HIPAA, GDPR and connected health – Interview with Jovan Stevovic, CEO of Chino.io

The number of health and fitness apps has skyrocketed in the last years. By now there are between 400,000 to 500,000 health and fitness apps available.

Digital health has attracted companies not only from the health industry but from lots of different other industries especially IT, app development and young startups that have not been active in healthcare before.

New technologies like development tools and SDKs are enabling a much easier and quicker time-to-market. App analytics, crash reports, data storage, social media, data security, integration of electronic health records can be integrated into apps as third-party tools. 

Since a couple of years even more complex services have been popping up specializing in the needs of the digital health industry. Some of these software-as-a-service companies are solving big headaches for digital health app publishers.

One of those platform-as-a-service providers is Chino.io. Chino.io ensures compliance for healthcare apps. The company solves GDPR and HIPAA requirements for digital health with a set of APIs – tackling issues like data encryption, pseudonymization, consent management, authentication and audit logs.

In this article we are talking to Chino.io’s CEO, Jovan, about connectivity, the changing landscape in digital health, its political framework and the future of technical enablers in digital healthcare. Before founding Chino.io Jovan has worked on a cloud-based Electronic Health Record Systems at Hewlett-Packard Laboratories. He is an expert in the arena of processing and storing medical data, a mix of technical expertise, laws, regulations and compliance.

Research2Guidance: Hi Jovan, thanks for taking the time to talk to us. Can you explain quickly, which problem it is that you’re solving with Chino.io?
Jovan: Since 2011 onwards I became a passionate for innovation in healthcare. I immediately noticed that privacy and data security are topics that worry all stakeholders involved in innovation. For years I constantly observed in different projects how privacy and security represent a costly and time-consuming challenge. In 2014, together with Stefano Tranquillini, we founded Chino.io to help companies that are innovating to solve privacy and security challenges. That’s our mission.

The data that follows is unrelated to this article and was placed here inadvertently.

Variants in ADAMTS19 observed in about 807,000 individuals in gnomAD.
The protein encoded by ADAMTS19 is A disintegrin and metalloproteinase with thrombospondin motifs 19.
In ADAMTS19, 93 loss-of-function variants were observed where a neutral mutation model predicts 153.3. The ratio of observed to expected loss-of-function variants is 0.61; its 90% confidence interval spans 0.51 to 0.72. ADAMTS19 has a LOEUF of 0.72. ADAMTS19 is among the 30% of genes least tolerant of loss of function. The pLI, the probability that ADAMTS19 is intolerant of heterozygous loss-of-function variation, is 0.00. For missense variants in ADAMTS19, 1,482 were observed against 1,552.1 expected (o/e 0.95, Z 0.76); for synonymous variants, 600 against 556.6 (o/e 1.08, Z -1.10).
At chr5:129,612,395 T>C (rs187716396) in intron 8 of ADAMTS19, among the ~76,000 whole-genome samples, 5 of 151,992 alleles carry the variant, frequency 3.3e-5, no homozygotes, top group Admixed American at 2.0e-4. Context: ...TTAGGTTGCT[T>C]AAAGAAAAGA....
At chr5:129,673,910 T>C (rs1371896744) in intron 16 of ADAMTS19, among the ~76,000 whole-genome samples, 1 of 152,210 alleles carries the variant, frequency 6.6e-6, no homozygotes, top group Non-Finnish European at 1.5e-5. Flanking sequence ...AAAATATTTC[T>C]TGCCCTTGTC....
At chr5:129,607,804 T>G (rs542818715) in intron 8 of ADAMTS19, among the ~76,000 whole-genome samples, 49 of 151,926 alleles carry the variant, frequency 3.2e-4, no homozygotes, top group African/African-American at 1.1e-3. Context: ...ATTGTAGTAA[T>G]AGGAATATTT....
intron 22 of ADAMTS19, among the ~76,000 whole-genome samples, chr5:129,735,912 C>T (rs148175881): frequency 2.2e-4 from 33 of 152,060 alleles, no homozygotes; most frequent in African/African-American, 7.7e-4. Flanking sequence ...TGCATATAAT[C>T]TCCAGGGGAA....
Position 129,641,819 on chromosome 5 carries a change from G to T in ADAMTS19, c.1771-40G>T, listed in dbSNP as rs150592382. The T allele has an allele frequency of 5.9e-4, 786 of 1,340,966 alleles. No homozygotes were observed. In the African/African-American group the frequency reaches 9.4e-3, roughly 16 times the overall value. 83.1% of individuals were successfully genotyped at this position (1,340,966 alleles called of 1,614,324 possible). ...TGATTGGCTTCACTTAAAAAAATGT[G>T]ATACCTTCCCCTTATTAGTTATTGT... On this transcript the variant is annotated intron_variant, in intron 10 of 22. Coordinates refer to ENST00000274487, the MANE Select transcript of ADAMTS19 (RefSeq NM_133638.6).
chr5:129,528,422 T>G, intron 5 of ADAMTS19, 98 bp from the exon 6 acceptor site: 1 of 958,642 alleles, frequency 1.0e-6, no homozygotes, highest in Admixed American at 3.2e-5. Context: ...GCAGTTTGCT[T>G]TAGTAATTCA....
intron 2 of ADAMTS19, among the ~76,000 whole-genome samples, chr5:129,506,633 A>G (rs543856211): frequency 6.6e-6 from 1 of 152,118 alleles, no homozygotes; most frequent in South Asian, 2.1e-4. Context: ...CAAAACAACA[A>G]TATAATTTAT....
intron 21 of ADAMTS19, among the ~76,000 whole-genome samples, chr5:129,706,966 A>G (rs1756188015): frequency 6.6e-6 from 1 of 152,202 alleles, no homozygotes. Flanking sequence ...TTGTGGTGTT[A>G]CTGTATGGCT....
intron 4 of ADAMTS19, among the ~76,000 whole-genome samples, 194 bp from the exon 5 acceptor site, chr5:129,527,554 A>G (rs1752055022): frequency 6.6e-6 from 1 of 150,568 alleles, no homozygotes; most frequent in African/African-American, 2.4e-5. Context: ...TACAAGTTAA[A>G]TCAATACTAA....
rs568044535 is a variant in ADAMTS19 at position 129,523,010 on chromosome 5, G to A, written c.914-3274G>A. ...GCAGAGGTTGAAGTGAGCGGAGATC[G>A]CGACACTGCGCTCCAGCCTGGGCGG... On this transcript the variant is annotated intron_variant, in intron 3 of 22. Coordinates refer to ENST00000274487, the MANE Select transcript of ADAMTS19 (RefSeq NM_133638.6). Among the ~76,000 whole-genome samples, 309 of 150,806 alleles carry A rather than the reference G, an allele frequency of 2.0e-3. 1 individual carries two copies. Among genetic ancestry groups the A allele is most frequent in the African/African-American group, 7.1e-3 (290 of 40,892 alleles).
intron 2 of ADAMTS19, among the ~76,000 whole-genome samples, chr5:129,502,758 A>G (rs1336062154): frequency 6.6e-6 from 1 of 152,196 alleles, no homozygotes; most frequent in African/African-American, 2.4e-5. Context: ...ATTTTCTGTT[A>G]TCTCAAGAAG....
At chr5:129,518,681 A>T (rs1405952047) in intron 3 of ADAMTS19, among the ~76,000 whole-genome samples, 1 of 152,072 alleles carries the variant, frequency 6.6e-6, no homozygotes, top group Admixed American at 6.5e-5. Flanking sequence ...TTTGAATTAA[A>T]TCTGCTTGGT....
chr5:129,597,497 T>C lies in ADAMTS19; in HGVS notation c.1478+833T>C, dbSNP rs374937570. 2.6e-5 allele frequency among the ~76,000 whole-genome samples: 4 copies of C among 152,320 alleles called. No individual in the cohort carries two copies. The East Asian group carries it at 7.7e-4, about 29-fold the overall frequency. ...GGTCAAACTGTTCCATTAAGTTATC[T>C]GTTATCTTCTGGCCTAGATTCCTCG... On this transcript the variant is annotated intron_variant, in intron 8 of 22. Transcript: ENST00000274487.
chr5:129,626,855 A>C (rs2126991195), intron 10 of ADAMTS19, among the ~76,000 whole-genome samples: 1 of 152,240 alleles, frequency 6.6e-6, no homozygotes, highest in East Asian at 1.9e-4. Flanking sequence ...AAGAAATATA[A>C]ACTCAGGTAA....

From our mHealth Economics we see that connectivity in digital health is slowly rising. How do have you experienced the professionalization of health apps? Do you see a rising professional level?
I remember that your reports from 2014 and other sources highlighted how something like 80% of apps were of low quality. I don’t think that percentage has changed much, but definitely, we have 3-4 times more apps on the market since 2014, and therefore there must be a rising number of high quality applications. In addition, some pilot ideas and apps from great entrepreneurs that started in 2014 are consolidating and starting to deliver high quality. Only in Berlin, there are ~5-10 such health tech startups who are reaching a high level of maturity.

The internet of medical things has been a big buzzword in 2018. How do you see the field of connectivity changing in the next years?
I remember that when we were developing projects in 2011 we worried about the presence (or better absence) of WiFi connection in hospitals to run our smart apps and tablets.
Currently, this is changing with IoT, e-sim cards, and cost-effective data plans on one side, and the more availability of APIs and interoperable healthcare applications. In fact, one of the biggest challenges in healthcare is isolated silos and 20-30 years old applications that medical staff is using every day. Those applications sitting behind hospitals’ firewalls are being gradually “opened” by providing APIs. Connected devices are useless without those APIs since silos hold all data.

Our surveys show that 27% of digital health app publishers offer an API to access their data. How are you observing the changing landscape in data sharing & connecting apps to 3rd party data via API?
Data security and privacy are one of the main barriers to data sharing in healthcare. However, I consider that the biggest reason for the lack of interoperability and open APIs is related to business interests of different stakeholders who are trying to hold the data as much as they can since data is money and power. For example, interoperability has been solved in banking years ago, where data are equally sensitive.
One nice AI related example is IBM Watson project where many millions have been spent, but still, the main issue in the healthcare domain is the data.
The main and probably the only driver that can make an impact for API availability and interoperability is the public administration. We need to create better projects and policies for interoperability. Much better than previous projects like epSOS.
 
Do you see any major trends here?
A good example where API and interoperability is not an issue are wearables and other consumer targeting hardware projects. They are interested in opening the API so more services can be created on top of their hardware. But wearables face different challenges.